Wednesday, December 7, 2011

inov-8 Evoskin Shoe Review

This isn't about our ancestor's or cavemen... 
I want to make something clear before you begin reading my shoe (well, maybe lack thereof is more apropos) review: This is not a review on the validity that 'traditional' running shoes cause, or do not cause, injuries. It's my belief that the repetition of running form inefficiencies (biological or habitually developed) are the major culprits of injured runners; under most circumstances. Other factors such as inappropriate shoe size (not type), over-training, the sedentary choices between runs (i.e., sitting in front of a computer perhaps reading this blog for too long, work related stress, long commutes in a vehicle, etc.), and repeatedly poor nutritional choices should also be at the forefront of cerebral inquiries. Also, 'minimal' shouldn't be solely (that's a pun) defined as less between your foot and the ground, but also by less heal-to-toe drop. The inov-8 Evoskin falls into both categories, of course.

Less doesn't make you an instant Hippie...
There's a skewed notion -a prideful feud- between barefoot-ers, racers, and runners. Partly, in my opinion, because of the developmental ease of extremism (social media driven) after, "Born To Run," became popular. Much like politics most have drawn a line-in-the-sand and become tunnel-visioned on protecting the title they stand behind. The discussion of pros and cons of 'minimal' shoes has been lost. I can't argue with supporting your team, but there are major benefits, and risks, from less between your foot and the ground, and open discussion is far more productive than becoming suffocated in tangent discussions about apes, cavemen, ancestors, and corporate sabotage. Defining individually appropriate uses doesn't have to change an individuals ideology.

"Protection without losing sensation..." 
"They look like foot condoms." Yeah, I know you were already thinking it, so I might as well state it. Although I can probably think of a few more inuendo's for tag lines, inov-8 did a pretty good job with, "Protection without losing sensation." Got to give credit where credit is due. As teenage as the tagline is, inov-8 isn't just throwing out a seductive tagline without a package...yes, it's okay to laugh at that. The slim silicone case that wraps the foot really does allow for the most realistic 'barefoot' feel with the least amount of protection. <Think iPhone cover for your foot> Simplicity is the key to inov-8's design. No shoe laces, no hook-and-stick (Velcro), no medial posting, plastic, etc. It's just silicon in the shape of a human foot. This also means that you can either, (A) wash them in the shower with you, or (B) throw them into the dishwasher for easy cleaning.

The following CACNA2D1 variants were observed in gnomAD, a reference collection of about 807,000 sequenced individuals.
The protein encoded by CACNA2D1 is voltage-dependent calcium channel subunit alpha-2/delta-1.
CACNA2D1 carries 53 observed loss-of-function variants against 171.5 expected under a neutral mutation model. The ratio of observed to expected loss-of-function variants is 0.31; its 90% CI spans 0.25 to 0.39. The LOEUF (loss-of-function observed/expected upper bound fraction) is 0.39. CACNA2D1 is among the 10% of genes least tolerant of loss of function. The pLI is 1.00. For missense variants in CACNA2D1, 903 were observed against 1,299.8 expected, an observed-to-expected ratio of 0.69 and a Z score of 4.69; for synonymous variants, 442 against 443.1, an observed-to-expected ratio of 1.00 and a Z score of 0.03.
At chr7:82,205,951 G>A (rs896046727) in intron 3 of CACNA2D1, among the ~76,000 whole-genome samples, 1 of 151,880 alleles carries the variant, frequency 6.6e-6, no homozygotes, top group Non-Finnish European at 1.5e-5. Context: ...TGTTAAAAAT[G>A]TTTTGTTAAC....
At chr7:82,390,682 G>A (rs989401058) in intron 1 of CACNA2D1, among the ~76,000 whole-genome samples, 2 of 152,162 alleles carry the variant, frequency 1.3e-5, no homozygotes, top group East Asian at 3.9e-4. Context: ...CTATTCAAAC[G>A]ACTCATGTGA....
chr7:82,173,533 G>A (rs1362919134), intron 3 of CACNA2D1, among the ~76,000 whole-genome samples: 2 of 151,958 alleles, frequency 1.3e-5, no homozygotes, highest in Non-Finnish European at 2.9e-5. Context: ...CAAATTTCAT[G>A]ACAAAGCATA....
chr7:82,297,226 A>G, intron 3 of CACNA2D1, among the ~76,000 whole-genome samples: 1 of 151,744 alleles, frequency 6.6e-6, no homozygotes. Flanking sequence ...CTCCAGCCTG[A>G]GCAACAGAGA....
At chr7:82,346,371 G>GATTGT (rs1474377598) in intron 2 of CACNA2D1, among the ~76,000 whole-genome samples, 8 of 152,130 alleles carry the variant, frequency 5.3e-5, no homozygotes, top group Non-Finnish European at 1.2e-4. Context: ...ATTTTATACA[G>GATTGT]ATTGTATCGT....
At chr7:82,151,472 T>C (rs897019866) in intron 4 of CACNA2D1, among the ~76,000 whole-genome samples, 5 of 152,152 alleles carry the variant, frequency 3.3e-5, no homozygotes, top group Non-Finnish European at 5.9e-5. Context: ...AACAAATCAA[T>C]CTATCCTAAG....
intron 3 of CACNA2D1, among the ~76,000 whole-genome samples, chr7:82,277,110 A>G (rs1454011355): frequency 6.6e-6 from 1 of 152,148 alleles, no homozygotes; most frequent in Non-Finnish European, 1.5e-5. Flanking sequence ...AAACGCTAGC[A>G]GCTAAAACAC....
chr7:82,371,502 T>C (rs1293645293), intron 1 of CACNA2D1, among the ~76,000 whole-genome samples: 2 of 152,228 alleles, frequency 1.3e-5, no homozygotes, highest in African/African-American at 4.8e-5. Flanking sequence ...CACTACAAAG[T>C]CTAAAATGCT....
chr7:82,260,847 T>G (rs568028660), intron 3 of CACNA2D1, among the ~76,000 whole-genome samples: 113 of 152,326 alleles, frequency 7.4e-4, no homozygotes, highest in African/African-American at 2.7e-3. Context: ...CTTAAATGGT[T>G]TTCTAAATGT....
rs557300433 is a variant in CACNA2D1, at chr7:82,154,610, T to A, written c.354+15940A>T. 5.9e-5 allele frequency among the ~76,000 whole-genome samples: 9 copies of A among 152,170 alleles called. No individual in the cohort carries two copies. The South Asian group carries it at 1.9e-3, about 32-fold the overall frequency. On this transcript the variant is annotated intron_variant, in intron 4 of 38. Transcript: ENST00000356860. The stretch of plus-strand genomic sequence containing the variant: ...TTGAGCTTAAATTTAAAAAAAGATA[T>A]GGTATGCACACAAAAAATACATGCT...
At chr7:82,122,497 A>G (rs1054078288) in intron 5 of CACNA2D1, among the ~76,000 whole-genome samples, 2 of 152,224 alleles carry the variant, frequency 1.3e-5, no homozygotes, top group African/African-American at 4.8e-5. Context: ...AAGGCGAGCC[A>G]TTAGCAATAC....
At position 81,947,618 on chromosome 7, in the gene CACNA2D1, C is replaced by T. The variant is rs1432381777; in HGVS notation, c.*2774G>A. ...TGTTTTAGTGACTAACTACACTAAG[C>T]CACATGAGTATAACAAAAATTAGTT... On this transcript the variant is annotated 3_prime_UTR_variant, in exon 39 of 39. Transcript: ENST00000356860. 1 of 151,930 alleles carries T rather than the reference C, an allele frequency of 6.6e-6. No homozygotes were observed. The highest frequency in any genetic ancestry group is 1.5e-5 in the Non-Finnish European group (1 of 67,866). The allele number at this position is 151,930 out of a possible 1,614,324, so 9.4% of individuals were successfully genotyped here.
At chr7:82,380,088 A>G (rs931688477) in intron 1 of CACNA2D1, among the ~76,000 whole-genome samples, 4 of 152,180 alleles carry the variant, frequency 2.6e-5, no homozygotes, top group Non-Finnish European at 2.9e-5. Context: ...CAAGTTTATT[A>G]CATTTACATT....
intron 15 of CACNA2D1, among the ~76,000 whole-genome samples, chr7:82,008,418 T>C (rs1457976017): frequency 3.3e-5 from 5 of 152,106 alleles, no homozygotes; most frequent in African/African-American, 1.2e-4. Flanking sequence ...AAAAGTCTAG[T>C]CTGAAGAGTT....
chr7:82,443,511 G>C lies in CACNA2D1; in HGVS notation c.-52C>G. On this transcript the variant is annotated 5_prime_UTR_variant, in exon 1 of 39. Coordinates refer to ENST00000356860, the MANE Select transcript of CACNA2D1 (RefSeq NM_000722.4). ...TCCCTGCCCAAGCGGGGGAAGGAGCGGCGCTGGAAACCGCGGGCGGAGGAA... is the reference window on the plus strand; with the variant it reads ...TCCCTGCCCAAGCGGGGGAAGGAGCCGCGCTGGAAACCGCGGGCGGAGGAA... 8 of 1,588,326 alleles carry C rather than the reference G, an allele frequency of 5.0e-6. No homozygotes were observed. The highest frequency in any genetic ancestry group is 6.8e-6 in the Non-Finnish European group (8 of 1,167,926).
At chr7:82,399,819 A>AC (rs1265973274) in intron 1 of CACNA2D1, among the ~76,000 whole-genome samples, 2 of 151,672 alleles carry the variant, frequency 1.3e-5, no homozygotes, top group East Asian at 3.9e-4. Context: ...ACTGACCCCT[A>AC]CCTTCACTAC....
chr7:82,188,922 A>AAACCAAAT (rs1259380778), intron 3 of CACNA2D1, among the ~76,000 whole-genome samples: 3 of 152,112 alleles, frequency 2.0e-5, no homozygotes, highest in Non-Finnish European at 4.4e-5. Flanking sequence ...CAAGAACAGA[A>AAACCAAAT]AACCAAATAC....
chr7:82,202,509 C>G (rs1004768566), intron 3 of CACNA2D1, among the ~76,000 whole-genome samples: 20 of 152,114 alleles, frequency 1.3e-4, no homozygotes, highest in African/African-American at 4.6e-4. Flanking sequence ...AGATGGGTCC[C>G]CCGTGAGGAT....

The heel-to-toe drop: zero. Weight: 3.5 oz. Cost: $65.

Going barefoot doesn't turn you into Abebe Bikila...
I use my Evoskins as training tools, not training shoe replacements. I wear them at work once a week, usually about 6 - 8 hours worth of standing and sitting, and I run in them for 20 - 30 minutes on a soft (root, glass, rock, and worry free), turf soccer field once a week. I've also been using them post-long runs to help spread my toes apart which relaxes the muscles between the bones in the feet. The seemingly low amount of use is, for me, what seems to make the most sense. The benefits of adding extra stress to your weekly training have to be balanced with your body's ability to cope with the increased demand. Too much, too soon and you'll get injured.
They're worth a shot, if...
You're not currently injured, you're in the 'base-building' phase of training, and you have an appropriate facility to use them in. A gym, treadmill, golf course, soccer field, etc., If you only have access to concrete and asphalt, I'd stay away from running in the Evoskins and just use them to walk around town in once a week for no more than an hour to begin with. If you're going to try them, do so in a very conservative manner. It doesn't take a lot to reap the benefits, 1% to 5% of your total weekly mileage should suffice, for most.